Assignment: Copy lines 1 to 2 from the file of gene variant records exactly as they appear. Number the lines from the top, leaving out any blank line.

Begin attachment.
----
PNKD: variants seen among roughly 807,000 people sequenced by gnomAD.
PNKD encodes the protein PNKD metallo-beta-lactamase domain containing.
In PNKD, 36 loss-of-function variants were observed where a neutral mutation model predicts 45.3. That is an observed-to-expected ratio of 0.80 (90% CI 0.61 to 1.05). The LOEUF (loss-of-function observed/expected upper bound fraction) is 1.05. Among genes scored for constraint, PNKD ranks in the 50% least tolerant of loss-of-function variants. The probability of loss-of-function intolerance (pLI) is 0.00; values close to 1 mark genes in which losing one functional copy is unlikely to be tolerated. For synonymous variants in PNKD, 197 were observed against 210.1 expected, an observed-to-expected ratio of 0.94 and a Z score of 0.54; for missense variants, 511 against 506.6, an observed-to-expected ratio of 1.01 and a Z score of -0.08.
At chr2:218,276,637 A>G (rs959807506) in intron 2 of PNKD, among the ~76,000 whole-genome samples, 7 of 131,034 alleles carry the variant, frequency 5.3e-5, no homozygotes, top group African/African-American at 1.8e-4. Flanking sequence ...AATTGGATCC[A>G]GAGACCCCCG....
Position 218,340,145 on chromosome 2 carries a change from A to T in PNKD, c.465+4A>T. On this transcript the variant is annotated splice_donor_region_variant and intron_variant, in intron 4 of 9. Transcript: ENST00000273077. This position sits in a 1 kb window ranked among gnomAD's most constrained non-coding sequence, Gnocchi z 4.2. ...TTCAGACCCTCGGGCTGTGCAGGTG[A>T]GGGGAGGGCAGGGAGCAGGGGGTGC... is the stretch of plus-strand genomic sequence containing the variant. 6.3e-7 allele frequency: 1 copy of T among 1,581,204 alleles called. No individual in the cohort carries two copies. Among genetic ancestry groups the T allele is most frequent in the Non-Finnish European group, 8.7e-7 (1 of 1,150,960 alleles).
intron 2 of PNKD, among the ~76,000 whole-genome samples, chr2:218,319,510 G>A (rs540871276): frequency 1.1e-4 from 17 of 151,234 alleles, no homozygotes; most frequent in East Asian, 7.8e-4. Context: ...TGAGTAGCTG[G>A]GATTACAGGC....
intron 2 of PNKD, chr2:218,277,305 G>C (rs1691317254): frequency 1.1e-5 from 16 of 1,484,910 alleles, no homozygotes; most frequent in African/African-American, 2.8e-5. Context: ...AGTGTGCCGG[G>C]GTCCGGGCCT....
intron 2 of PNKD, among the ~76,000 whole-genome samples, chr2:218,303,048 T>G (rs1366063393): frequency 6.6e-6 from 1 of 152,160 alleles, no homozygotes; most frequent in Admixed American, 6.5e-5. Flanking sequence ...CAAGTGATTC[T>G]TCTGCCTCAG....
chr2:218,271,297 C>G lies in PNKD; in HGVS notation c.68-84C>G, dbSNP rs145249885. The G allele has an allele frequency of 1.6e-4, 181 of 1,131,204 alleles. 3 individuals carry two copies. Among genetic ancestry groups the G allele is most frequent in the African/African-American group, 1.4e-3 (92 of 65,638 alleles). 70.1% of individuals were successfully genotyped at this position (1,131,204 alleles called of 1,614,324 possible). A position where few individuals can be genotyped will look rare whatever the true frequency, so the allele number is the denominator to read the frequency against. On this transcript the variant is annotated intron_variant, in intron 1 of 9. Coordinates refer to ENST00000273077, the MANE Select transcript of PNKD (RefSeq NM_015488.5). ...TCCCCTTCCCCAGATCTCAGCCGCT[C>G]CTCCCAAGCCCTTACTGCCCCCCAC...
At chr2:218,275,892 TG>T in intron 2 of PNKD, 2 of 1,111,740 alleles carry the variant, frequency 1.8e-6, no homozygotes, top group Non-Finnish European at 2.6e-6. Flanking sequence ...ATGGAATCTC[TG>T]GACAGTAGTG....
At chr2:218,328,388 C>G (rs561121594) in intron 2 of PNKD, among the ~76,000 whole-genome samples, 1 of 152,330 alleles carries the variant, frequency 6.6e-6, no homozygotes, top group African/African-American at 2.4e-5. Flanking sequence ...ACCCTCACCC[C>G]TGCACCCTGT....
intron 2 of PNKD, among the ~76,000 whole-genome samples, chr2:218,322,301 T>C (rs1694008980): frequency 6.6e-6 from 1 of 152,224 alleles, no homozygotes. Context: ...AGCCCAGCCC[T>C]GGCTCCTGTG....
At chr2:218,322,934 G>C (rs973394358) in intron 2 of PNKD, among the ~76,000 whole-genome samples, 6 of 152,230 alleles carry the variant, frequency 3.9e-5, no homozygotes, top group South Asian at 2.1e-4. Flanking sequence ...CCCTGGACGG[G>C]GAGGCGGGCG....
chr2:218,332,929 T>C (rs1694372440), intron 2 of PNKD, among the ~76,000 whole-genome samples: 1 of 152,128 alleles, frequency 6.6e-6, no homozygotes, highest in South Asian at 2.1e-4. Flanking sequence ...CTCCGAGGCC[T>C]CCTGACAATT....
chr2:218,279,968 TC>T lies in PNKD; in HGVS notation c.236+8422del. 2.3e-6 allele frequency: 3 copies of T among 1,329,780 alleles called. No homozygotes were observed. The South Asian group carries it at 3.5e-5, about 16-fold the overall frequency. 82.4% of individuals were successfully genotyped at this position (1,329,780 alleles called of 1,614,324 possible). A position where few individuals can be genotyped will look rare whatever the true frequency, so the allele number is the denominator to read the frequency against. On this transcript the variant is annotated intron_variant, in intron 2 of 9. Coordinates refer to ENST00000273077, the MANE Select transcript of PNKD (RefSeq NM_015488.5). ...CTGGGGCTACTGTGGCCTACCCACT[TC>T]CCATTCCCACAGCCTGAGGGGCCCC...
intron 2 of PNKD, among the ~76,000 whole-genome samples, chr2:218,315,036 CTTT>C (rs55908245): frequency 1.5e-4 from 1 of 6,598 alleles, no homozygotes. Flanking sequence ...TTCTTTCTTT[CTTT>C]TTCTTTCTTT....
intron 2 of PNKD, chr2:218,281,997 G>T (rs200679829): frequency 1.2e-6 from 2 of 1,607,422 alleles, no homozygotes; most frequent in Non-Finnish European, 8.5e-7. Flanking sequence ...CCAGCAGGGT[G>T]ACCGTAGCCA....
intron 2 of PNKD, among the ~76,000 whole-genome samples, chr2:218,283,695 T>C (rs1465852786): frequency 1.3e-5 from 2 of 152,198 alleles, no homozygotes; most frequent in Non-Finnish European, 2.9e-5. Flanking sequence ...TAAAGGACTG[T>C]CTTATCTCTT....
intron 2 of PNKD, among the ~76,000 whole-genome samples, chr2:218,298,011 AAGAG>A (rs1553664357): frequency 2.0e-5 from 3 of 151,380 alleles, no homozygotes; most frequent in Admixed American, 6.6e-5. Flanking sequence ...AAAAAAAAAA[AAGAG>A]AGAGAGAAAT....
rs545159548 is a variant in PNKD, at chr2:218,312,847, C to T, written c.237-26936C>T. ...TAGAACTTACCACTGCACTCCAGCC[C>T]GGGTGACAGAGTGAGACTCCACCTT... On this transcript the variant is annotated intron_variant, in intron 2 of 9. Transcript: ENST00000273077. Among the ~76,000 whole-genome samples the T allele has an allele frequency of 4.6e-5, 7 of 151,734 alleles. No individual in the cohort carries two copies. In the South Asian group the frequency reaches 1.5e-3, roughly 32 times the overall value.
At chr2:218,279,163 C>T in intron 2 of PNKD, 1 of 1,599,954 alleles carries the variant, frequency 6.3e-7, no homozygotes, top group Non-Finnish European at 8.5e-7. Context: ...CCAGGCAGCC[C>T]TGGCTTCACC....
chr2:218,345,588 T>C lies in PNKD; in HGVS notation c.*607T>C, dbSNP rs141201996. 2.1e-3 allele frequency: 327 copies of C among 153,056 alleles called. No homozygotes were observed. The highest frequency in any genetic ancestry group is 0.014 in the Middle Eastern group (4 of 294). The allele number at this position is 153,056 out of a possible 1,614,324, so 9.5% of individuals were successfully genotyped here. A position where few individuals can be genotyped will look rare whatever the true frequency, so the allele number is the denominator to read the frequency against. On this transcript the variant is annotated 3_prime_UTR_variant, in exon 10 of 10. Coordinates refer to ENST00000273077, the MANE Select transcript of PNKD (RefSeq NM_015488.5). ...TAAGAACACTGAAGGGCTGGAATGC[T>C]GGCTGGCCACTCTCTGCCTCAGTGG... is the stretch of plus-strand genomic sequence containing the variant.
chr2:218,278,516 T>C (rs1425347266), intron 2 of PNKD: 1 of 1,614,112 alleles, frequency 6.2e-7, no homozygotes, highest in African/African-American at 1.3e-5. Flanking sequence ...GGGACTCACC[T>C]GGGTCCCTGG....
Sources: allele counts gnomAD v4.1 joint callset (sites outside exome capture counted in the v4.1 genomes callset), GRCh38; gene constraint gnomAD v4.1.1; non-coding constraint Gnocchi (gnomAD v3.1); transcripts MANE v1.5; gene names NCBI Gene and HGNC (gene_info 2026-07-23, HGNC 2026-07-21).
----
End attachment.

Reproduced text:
PNKD: variants seen among roughly 807,000 people sequenced by gnomAD.
PNKD encodes the protein PNKD metallo-beta-lactamase domain containing.